Broken Branches is the first novel to be published by new independent publisher Hideaway Fall, and I was delighted to receive a copy for review ahead of its publication later this month.
‘Family curses don’t exist. Sure, some families seem to suffer more pain than others, but a curse? An actual curse? I don’t think so.’
A family tragedy was the catalyst for Ian Perkins to return to the isolated cottage with his wife and young son. But now they are back, it seems yet more grief might befall the family.
There is still time to act, but that means Ian must face the uncomfortable truth about his past. And in doing so, he must uncover the truth behind the supposed family curse.
Broken Branches is one of those novels that I think it’s best to go into with as little prior knowledge as possible, thus I’ve “borrowed” the above synopsis from Goodreads rather than trying to write my own. I think that it’s vague enough to not give away too much, but with enough of a hook to tempt you in – family curses and tragedies, what’s not to like?
Broken Branches alternates between Ian’s childhood and the present day, after Ian and his family move into his childhood home. From the flashbacks to his childhood, we see him growing up with his brother, Stuart, and their parents – a strict and cold father, and well-meaning but ineffective mother who won’t go against her husband’s wishes or stand up to him at all. I really enjoyed these scenes – they introduce the family as well as the idea of the family curse, and these chapters encourage sympathy for Ian who, as the younger son, is passed over in favour of Stuart.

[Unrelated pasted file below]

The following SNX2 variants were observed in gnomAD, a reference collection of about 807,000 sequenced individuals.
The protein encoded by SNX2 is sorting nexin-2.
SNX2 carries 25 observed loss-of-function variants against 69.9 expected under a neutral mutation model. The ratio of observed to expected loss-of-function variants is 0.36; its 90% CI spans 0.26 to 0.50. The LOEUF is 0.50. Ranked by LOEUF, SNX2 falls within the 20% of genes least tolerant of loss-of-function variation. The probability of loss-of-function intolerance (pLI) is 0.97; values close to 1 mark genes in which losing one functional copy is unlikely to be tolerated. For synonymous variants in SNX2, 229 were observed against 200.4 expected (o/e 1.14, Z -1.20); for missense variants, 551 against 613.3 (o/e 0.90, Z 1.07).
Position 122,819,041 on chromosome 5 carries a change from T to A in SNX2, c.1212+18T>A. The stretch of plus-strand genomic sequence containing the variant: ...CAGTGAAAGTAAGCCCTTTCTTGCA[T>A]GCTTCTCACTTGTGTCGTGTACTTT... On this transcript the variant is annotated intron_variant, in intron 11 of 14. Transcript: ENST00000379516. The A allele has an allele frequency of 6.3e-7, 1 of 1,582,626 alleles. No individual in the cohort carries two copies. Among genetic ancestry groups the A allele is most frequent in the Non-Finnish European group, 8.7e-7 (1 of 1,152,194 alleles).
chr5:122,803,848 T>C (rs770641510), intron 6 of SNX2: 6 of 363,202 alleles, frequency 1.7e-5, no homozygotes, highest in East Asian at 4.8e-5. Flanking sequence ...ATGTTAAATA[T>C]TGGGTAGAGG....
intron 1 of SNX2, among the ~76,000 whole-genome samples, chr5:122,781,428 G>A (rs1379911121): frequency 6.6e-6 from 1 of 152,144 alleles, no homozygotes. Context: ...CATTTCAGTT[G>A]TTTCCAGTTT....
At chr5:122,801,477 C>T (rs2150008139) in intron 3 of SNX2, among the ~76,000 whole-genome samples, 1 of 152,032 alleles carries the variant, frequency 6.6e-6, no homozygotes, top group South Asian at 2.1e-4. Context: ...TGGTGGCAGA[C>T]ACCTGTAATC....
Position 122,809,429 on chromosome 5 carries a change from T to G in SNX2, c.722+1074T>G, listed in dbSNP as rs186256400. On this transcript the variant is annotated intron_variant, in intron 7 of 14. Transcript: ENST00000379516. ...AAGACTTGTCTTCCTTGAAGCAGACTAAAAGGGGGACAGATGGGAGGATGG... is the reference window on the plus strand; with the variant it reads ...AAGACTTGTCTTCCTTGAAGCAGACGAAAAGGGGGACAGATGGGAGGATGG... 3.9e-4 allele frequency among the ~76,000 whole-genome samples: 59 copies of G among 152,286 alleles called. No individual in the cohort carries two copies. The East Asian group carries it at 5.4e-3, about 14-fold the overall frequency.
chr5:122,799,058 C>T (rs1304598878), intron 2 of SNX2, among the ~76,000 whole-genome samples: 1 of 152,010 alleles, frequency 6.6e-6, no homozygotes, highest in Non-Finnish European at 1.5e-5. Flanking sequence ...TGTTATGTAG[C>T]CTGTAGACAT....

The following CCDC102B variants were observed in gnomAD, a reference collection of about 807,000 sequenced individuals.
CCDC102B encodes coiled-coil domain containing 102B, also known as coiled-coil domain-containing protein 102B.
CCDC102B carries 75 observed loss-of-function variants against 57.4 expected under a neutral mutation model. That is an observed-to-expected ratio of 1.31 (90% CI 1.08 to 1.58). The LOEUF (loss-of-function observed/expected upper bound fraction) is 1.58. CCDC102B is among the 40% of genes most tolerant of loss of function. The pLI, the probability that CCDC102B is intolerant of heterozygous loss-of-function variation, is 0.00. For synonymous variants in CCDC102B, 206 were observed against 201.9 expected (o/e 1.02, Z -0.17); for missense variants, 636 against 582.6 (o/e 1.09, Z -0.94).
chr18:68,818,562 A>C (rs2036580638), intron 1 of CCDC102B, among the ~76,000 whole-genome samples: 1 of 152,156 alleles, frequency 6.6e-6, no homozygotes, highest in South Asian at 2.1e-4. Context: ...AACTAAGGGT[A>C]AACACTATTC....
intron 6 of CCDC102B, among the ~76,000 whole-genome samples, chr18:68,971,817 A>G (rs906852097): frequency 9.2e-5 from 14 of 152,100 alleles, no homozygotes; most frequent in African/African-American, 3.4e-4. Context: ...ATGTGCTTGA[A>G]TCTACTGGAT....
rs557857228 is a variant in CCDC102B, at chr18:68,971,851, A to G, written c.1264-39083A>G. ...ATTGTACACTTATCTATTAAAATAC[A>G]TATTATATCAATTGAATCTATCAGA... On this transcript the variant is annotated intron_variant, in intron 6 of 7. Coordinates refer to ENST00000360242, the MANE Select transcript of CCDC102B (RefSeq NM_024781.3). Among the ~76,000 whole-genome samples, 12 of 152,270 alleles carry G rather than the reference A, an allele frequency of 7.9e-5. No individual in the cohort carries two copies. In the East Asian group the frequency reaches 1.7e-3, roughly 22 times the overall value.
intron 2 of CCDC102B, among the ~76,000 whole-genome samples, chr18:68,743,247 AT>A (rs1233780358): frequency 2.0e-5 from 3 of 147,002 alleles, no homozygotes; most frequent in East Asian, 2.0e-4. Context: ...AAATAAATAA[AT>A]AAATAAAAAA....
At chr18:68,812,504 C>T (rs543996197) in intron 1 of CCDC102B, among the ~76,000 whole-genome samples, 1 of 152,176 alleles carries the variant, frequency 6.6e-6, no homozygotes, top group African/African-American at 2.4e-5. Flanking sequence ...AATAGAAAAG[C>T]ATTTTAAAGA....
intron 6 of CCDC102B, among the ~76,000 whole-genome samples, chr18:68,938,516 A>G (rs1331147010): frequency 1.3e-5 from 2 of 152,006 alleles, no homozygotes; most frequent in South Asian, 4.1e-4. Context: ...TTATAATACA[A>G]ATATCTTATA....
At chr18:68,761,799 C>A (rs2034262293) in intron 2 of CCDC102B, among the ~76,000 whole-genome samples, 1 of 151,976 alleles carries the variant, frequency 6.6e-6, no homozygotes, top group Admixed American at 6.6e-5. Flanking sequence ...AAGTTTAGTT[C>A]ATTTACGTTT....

I think that this sympathy carries over into the present-day scenes, as we see Ian’s interaction with his wife and young son. I loved the contrast of the first two chapters – one sinister and foreboding, the second full of love and laughter as Ian interacts with his son, Harry, who is the very definition of adorable. It very quickly becomes apparent that all is not well with his wife, Rachel, although the reasons for this aren’t entirely clear at first. I found myself trying to explain away her behaviour, and found that, rightly or wrongly, my sympathy lay firmly with Ian, who seemed to be trying to get through to her, to no avail.
Broken Branches definitely has a creepy atmosphere to it, and whilst I wouldn’t say it was scary, there are some parts where you wonder if there’s something a little bit odd going on, or if it’s all in the narrator’s mind. I love books like this – there are so few books out there that I find genuinely creepy in this way, and I love it when I stumble across one.
Broken Branches will be published on 27 July 2017. Many thanks to the publisher, Hideaway Fall, for providing a copy for review.